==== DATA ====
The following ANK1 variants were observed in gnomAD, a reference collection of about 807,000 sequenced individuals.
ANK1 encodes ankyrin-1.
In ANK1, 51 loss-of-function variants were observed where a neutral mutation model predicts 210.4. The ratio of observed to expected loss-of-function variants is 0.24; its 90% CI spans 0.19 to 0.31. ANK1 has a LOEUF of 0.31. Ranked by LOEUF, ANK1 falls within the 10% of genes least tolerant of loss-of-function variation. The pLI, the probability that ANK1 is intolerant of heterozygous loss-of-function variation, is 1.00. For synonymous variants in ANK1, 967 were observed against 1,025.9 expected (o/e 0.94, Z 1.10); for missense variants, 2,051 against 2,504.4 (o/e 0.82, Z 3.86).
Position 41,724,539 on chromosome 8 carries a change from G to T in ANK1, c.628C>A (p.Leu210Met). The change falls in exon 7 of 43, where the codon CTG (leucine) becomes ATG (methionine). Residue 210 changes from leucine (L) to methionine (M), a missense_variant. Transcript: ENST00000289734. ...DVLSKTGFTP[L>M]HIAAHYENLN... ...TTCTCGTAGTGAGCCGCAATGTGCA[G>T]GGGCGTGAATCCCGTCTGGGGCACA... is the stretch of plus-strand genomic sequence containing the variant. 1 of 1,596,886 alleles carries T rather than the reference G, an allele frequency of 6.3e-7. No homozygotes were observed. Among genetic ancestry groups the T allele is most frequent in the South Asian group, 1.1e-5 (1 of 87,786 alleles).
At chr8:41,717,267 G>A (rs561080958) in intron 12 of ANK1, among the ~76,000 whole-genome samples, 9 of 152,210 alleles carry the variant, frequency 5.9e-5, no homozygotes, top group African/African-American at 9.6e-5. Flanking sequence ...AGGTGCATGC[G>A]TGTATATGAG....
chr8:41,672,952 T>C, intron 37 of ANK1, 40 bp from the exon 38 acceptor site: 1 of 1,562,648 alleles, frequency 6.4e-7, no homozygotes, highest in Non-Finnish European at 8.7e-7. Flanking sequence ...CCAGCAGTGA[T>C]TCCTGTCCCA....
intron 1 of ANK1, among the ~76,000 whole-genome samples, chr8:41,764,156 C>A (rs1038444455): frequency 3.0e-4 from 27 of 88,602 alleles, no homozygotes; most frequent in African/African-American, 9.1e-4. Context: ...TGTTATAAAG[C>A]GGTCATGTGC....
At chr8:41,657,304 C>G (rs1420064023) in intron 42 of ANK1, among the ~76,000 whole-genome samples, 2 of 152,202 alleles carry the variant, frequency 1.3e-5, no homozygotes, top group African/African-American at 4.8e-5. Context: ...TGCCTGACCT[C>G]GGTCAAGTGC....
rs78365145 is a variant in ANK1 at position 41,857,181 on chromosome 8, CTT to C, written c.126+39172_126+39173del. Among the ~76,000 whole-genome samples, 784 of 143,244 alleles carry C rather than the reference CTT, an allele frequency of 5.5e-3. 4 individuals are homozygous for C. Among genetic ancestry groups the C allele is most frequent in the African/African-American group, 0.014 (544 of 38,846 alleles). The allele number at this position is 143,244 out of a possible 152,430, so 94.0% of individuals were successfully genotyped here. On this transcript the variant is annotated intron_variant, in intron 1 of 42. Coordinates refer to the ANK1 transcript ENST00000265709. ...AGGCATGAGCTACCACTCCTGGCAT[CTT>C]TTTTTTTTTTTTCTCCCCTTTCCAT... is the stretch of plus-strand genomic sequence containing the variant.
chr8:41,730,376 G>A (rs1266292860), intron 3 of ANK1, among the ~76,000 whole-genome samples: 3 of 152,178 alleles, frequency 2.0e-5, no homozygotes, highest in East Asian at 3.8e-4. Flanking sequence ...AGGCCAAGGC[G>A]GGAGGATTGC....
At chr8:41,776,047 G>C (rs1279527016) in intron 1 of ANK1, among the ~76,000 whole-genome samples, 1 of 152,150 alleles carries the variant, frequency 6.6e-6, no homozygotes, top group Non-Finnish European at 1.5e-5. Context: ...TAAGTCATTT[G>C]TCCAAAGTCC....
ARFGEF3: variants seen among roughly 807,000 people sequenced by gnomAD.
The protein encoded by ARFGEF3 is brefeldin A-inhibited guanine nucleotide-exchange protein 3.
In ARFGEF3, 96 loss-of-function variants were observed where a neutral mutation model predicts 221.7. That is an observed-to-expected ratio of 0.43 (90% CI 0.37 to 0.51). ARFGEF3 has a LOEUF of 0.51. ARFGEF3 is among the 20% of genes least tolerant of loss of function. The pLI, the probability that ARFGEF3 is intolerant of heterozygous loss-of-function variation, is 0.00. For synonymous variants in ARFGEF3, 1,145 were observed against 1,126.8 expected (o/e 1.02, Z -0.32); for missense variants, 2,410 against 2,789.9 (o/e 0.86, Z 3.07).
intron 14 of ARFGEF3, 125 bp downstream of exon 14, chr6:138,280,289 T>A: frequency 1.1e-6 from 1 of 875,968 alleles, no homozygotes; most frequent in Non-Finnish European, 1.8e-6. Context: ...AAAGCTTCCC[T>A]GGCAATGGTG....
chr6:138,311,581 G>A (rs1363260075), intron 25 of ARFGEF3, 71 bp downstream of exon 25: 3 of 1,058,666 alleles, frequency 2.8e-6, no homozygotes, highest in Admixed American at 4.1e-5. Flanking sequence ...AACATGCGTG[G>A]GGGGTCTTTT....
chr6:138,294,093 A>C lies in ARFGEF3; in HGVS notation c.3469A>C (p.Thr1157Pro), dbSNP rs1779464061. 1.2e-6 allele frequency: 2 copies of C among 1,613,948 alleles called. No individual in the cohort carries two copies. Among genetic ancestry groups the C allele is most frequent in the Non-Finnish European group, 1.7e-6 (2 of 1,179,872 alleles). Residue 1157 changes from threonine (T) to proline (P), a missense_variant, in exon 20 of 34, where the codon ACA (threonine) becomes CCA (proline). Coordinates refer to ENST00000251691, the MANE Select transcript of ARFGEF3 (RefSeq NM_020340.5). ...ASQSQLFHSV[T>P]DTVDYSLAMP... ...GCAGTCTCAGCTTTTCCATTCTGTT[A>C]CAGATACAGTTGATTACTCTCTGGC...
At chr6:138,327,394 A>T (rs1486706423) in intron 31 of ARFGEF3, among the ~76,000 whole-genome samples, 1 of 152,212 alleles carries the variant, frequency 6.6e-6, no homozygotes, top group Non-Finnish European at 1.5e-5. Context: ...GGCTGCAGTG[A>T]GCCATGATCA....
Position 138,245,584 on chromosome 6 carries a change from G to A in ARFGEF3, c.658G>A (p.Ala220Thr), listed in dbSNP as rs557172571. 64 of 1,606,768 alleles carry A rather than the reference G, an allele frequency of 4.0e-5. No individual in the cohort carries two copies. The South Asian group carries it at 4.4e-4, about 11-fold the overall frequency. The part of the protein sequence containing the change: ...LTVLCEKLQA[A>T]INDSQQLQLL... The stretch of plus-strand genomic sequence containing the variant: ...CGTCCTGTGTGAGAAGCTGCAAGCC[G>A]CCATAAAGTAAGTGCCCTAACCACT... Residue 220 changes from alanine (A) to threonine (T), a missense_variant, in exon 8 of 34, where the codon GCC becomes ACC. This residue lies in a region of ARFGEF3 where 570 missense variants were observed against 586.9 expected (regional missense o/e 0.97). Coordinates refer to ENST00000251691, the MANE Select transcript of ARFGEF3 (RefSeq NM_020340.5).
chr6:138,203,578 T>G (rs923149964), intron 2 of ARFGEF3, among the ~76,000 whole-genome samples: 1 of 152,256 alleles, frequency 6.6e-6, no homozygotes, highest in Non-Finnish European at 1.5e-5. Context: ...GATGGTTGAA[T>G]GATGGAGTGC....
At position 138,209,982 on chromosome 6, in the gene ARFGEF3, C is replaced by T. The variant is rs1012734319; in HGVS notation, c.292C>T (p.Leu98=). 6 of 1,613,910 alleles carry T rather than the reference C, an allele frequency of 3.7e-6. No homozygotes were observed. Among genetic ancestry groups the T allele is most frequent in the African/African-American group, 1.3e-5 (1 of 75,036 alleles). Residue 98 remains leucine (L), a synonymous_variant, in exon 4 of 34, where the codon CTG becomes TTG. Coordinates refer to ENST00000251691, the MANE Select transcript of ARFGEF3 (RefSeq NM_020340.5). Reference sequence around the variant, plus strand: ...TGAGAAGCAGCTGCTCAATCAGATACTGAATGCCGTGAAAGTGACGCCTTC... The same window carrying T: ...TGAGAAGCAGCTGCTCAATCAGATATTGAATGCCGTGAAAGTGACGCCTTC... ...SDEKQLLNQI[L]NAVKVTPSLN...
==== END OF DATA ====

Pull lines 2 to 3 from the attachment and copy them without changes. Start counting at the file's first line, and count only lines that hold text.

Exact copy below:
ANK1 encodes ankyrin-1.
In ANK1, 51 loss-of-function variants were observed where a neutral mutation model predicts 210.4. The ratio of observed to expected loss-of-function variants is 0.24; its 90% CI spans 0.19 to 0.31. ANK1 has a LOEUF of 0.31. Ranked by LOEUF, ANK1 falls within the 10% of genes least tolerant of loss-of-function variation. The pLI, the probability that ANK1 is intolerant of heterozygous loss-of-function variation, is 1.00. For synonymous variants in ANK1, 967 were observed against 1,025.9 expected (o/e 0.94, Z 1.10); for missense variants, 2,051 against 2,504.4 (o/e 0.82, Z 3.86).